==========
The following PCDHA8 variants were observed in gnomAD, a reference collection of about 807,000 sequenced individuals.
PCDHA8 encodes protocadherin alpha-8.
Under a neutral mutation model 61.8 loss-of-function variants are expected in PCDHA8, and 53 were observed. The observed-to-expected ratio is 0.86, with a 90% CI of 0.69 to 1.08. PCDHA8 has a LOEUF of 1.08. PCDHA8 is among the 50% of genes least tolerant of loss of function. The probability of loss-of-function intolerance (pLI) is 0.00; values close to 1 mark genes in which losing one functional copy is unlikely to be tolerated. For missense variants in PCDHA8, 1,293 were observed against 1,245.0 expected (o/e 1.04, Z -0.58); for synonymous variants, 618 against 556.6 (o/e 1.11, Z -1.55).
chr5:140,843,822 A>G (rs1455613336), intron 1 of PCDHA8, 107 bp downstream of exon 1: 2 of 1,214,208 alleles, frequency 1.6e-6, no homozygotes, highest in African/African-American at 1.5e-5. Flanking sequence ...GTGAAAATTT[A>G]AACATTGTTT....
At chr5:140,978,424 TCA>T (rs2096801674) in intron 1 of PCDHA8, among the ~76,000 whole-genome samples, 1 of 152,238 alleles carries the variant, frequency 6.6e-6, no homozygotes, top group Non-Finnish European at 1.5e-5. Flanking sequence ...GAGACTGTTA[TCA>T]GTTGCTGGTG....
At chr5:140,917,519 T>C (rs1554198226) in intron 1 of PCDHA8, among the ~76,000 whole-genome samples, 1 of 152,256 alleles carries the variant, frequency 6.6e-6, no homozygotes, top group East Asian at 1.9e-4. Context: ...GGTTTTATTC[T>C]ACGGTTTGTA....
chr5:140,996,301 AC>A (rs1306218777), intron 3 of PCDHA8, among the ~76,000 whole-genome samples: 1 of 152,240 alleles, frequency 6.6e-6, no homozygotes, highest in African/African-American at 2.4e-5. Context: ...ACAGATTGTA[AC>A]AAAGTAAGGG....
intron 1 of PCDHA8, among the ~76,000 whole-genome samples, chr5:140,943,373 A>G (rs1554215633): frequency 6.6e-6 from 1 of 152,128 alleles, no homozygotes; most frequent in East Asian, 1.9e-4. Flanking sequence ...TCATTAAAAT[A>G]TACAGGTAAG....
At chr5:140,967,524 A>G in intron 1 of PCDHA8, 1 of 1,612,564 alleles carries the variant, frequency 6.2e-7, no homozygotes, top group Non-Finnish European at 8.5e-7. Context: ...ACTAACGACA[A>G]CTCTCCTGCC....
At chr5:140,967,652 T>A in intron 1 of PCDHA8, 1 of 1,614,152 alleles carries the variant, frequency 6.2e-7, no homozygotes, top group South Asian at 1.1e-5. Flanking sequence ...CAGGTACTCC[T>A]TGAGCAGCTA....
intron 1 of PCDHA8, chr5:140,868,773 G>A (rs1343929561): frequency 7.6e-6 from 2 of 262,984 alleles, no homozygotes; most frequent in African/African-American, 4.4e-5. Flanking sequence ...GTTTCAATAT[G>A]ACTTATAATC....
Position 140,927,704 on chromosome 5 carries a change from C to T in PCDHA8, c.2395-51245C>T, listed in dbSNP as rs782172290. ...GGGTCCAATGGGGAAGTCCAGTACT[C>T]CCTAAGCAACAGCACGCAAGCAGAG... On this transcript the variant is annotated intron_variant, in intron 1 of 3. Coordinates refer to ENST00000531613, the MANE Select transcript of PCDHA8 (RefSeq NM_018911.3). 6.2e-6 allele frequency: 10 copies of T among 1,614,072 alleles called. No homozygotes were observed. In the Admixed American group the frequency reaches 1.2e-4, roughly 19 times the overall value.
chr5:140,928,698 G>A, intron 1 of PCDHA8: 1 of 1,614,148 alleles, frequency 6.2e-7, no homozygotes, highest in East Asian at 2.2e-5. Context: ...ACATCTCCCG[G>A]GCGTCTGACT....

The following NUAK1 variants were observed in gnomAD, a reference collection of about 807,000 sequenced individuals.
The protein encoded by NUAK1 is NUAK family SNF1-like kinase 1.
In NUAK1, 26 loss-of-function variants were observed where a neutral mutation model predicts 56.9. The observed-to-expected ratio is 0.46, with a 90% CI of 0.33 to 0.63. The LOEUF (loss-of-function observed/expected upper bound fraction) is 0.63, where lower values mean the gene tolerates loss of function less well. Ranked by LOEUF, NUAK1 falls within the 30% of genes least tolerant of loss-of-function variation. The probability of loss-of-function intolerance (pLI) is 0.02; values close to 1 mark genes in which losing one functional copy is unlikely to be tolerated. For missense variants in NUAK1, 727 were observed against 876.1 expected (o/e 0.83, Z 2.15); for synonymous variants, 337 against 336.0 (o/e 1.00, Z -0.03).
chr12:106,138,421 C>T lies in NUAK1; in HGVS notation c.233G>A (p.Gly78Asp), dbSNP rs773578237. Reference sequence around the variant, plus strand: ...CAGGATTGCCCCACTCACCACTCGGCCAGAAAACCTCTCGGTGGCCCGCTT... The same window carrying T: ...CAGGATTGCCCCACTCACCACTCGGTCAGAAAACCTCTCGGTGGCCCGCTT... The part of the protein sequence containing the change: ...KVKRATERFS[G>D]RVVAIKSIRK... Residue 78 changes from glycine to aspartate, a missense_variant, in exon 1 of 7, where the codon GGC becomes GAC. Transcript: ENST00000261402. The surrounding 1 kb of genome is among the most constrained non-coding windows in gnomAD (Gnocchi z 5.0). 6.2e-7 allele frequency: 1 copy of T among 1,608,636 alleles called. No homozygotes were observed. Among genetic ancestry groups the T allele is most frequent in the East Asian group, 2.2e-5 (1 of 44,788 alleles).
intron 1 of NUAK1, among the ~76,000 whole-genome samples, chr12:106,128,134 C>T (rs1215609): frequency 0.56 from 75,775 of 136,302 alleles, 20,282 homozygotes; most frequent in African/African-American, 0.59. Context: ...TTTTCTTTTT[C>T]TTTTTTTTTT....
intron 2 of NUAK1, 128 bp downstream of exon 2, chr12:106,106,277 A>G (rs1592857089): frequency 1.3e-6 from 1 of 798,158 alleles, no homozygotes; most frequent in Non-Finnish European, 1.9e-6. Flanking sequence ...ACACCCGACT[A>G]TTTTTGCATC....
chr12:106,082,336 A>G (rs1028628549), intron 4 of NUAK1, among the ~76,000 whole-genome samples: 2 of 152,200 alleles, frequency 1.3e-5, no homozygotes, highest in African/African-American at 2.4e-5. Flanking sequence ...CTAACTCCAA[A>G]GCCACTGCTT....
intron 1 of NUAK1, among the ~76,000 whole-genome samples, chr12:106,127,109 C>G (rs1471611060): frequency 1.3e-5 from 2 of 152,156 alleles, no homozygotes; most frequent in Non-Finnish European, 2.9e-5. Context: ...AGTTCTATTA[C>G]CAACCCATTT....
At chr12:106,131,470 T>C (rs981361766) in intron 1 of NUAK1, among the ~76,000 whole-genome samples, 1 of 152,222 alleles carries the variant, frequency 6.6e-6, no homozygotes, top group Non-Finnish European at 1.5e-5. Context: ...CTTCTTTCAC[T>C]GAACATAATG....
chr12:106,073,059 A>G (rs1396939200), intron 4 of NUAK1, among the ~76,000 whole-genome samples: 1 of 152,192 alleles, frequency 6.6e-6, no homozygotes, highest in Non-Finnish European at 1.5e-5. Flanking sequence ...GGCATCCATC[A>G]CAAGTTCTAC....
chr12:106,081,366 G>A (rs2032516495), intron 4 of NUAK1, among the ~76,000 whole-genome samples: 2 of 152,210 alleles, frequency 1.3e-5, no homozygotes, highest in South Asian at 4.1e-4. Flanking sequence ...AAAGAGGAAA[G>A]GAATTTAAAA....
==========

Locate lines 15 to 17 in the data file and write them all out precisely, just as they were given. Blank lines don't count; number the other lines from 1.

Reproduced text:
The protein encoded by NUAK1 is NUAK family SNF1-like kinase 1.
In NUAK1, 26 loss-of-function variants were observed where a neutral mutation model predicts 56.9. The observed-to-expected ratio is 0.46, with a 90% CI of 0.33 to 0.63. The LOEUF (loss-of-function observed/expected upper bound fraction) is 0.63, where lower values mean the gene tolerates loss of function less well. Ranked by LOEUF, NUAK1 falls within the 30% of genes least tolerant of loss-of-function variation. The probability of loss-of-function intolerance (pLI) is 0.02; values close to 1 mark genes in which losing one functional copy is unlikely to be tolerated. For missense variants in NUAK1, 727 were observed against 876.1 expected (o/e 0.83, Z 2.15); for synonymous variants, 337 against 336.0 (o/e 1.00, Z -0.03).
chr12:106,138,421 C>T lies in NUAK1; in HGVS notation c.233G>A (p.Gly78Asp), dbSNP rs773578237. Reference sequence around the variant, plus strand: ...CAGGATTGCCCCACTCACCACTCGGCCAGAAAACCTCTCGGTGGCCCGCTT... The same window carrying T: ...CAGGATTGCCCCACTCACCACTCGGTCAGAAAACCTCTCGGTGGCCCGCTT... The part of the protein sequence containing the change: ...KVKRATERFS[G>D]RVVAIKSIRK... Residue 78 changes from glycine to aspartate, a missense_variant, in exon 1 of 7, where the codon GGC becomes GAC. Transcript: ENST00000261402. The surrounding 1 kb of genome is among the most constrained non-coding windows in gnomAD (Gnocchi z 5.0). 6.2e-7 allele frequency: 1 copy of T among 1,608,636 alleles called. No homozygotes were observed. Among genetic ancestry groups the T allele is most frequent in the East Asian group, 2.2e-5 (1 of 44,788 alleles).